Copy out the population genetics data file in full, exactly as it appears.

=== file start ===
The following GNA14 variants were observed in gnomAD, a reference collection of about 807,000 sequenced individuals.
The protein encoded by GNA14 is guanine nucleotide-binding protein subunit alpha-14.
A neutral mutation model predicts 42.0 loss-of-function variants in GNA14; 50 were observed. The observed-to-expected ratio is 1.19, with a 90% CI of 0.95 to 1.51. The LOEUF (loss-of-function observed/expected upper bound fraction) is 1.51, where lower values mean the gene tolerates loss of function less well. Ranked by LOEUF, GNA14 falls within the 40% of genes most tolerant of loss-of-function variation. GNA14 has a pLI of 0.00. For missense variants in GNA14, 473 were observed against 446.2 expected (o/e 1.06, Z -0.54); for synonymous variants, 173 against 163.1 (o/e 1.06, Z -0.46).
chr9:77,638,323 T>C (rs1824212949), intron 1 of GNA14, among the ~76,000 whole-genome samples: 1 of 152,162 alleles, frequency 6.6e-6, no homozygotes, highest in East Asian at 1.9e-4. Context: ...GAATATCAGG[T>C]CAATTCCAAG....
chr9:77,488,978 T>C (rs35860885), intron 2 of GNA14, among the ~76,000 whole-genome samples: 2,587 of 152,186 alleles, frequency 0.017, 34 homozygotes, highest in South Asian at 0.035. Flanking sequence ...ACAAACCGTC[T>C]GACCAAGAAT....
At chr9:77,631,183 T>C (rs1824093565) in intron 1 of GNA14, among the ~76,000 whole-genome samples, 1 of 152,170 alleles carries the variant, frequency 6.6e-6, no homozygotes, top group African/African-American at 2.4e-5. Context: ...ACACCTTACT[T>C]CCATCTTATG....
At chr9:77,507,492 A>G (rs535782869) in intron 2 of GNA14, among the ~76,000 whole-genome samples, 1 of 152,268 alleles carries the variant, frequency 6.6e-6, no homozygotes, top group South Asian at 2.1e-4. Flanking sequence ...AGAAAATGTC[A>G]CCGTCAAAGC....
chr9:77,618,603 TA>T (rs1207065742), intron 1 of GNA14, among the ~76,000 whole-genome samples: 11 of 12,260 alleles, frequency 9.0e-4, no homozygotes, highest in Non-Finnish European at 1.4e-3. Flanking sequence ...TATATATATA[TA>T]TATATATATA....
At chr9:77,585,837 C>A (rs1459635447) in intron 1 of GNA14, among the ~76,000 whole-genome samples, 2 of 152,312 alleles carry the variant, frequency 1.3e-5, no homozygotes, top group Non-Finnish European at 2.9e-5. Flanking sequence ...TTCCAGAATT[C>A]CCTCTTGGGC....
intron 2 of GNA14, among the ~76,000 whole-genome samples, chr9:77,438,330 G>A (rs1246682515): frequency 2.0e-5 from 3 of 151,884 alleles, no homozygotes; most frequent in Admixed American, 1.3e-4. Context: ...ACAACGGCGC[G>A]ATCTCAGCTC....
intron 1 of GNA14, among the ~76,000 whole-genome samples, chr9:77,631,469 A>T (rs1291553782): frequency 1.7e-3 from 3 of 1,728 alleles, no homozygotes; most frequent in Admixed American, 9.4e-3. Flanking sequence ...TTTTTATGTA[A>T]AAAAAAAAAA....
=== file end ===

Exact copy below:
The following GNA14 variants were observed in gnomAD, a reference collection of about 807,000 sequenced individuals.
The protein encoded by GNA14 is guanine nucleotide-binding protein subunit alpha-14.
A neutral mutation model predicts 42.0 loss-of-function variants in GNA14; 50 were observed. The observed-to-expected ratio is 1.19, with a 90% CI of 0.95 to 1.51. The LOEUF (loss-of-function observed/expected upper bound fraction) is 1.51, where lower values mean the gene tolerates loss of function less well. Ranked by LOEUF, GNA14 falls within the 40% of genes most tolerant of loss-of-function variation. GNA14 has a pLI of 0.00. For missense variants in GNA14, 473 were observed against 446.2 expected (o/e 1.06, Z -0.54); for synonymous variants, 173 against 163.1 (o/e 1.06, Z -0.46).
chr9:77,638,323 T>C (rs1824212949), intron 1 of GNA14, among the ~76,000 whole-genome samples: 1 of 152,162 alleles, frequency 6.6e-6, no homozygotes, highest in East Asian at 1.9e-4. Context: ...GAATATCAGG[T>C]CAATTCCAAG....
chr9:77,488,978 T>C (rs35860885), intron 2 of GNA14, among the ~76,000 whole-genome samples: 2,587 of 152,186 alleles, frequency 0.017, 34 homozygotes, highest in South Asian at 0.035. Flanking sequence ...ACAAACCGTC[T>C]GACCAAGAAT....
At chr9:77,631,183 T>C (rs1824093565) in intron 1 of GNA14, among the ~76,000 whole-genome samples, 1 of 152,170 alleles carries the variant, frequency 6.6e-6, no homozygotes, top group African/African-American at 2.4e-5. Context: ...ACACCTTACT[T>C]CCATCTTATG....
At chr9:77,507,492 A>G (rs535782869) in intron 2 of GNA14, among the ~76,000 whole-genome samples, 1 of 152,268 alleles carries the variant, frequency 6.6e-6, no homozygotes, top group South Asian at 2.1e-4. Flanking sequence ...AGAAAATGTC[A>G]CCGTCAAAGC....
chr9:77,618,603 TA>T (rs1207065742), intron 1 of GNA14, among the ~76,000 whole-genome samples: 11 of 12,260 alleles, frequency 9.0e-4, no homozygotes, highest in Non-Finnish European at 1.4e-3. Flanking sequence ...TATATATATA[TA>T]TATATATATA....
At chr9:77,585,837 C>A (rs1459635447) in intron 1 of GNA14, among the ~76,000 whole-genome samples, 2 of 152,312 alleles carry the variant, frequency 1.3e-5, no homozygotes, top group Non-Finnish European at 2.9e-5. Flanking sequence ...TTCCAGAATT[C>A]CCTCTTGGGC....
intron 2 of GNA14, among the ~76,000 whole-genome samples, chr9:77,438,330 G>A (rs1246682515): frequency 2.0e-5 from 3 of 151,884 alleles, no homozygotes; most frequent in Admixed American, 1.3e-4. Context: ...ACAACGGCGC[G>A]ATCTCAGCTC....
intron 1 of GNA14, among the ~76,000 whole-genome samples, chr9:77,631,469 A>T (rs1291553782): frequency 1.7e-3 from 3 of 1,728 alleles, no homozygotes; most frequent in Admixed American, 9.4e-3. Flanking sequence ...TTTTTATGTA[A>T]AAAAAAAAAA....